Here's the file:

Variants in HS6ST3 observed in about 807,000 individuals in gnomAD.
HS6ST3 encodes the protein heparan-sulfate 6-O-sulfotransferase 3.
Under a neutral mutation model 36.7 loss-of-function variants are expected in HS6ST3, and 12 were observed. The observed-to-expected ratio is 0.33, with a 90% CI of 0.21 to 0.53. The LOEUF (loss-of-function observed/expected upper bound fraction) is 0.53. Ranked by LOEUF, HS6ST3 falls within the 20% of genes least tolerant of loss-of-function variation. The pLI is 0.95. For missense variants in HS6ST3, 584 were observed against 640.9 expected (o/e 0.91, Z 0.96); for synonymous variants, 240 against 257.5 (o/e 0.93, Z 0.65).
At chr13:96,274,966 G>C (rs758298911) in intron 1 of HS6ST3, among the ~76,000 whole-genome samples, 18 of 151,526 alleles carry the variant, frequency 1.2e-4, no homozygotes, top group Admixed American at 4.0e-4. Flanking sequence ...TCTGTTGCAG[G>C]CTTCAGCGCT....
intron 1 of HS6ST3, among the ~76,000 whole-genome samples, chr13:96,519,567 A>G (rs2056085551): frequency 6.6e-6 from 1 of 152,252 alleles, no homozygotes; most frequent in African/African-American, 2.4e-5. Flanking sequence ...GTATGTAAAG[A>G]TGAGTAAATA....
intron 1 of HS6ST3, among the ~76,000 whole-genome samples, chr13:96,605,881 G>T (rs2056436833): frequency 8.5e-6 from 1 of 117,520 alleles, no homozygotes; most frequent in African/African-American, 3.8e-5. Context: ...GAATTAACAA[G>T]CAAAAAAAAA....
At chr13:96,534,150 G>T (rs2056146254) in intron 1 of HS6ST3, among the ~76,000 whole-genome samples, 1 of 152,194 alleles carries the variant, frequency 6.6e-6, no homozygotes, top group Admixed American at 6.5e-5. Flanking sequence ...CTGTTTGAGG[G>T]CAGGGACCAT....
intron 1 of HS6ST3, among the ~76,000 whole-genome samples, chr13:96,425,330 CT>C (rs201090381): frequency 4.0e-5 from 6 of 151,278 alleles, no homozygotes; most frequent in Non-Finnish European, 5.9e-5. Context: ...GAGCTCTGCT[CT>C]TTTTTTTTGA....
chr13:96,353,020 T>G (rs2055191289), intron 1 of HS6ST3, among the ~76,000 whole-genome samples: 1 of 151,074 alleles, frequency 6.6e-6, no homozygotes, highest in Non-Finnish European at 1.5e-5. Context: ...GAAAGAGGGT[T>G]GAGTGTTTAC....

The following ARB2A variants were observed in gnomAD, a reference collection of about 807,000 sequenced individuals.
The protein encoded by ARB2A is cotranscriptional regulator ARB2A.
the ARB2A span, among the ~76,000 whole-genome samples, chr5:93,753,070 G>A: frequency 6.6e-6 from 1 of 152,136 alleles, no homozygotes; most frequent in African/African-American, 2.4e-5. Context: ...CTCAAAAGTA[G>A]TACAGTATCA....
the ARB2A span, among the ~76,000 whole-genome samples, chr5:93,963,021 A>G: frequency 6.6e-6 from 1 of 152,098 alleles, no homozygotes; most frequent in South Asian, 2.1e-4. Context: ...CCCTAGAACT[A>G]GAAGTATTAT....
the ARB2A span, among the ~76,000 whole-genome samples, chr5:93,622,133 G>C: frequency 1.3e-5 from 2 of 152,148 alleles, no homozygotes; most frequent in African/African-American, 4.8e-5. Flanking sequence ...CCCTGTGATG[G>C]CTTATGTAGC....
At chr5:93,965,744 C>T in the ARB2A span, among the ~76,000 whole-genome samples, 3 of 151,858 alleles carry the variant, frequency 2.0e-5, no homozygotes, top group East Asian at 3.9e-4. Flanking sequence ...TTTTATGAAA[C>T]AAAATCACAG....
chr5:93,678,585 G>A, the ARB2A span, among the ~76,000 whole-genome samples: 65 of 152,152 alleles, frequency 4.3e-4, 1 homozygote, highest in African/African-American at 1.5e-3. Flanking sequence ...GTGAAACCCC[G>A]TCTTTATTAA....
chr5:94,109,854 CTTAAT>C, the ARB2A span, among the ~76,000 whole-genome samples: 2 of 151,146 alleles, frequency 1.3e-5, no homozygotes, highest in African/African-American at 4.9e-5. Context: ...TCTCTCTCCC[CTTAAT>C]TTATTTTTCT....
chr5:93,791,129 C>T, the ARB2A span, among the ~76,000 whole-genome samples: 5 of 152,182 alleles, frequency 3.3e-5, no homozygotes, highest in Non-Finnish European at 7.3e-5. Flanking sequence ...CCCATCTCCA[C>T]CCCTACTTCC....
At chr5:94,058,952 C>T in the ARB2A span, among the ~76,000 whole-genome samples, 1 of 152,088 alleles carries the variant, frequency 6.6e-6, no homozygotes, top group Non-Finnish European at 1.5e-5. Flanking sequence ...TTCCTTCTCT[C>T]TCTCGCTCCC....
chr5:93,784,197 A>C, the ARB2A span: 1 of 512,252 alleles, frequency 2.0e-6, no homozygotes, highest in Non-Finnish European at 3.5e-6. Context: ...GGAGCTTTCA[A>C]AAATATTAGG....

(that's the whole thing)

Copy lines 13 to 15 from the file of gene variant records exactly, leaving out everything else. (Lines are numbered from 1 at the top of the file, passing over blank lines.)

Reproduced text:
the ARB2A span, among the ~76,000 whole-genome samples, chr5:93,963,021 A>G: frequency 6.6e-6 from 1 of 152,098 alleles, no homozygotes; most frequent in South Asian, 2.1e-4. Context: ...CCCTAGAACT[A>G]GAAGTATTAT....
the ARB2A span, among the ~76,000 whole-genome samples, chr5:93,622,133 G>C: frequency 1.3e-5 from 2 of 152,148 alleles, no homozygotes; most frequent in African/African-American, 4.8e-5. Flanking sequence ...CCCTGTGATG[G>C]CTTATGTAGC....
At chr5:93,965,744 C>T in the ARB2A span, among the ~76,000 whole-genome samples, 3 of 151,858 alleles carry the variant, frequency 2.0e-5, no homozygotes, top group East Asian at 3.9e-4. Flanking sequence ...TTTTATGAAA[C>T]AAAATCACAG....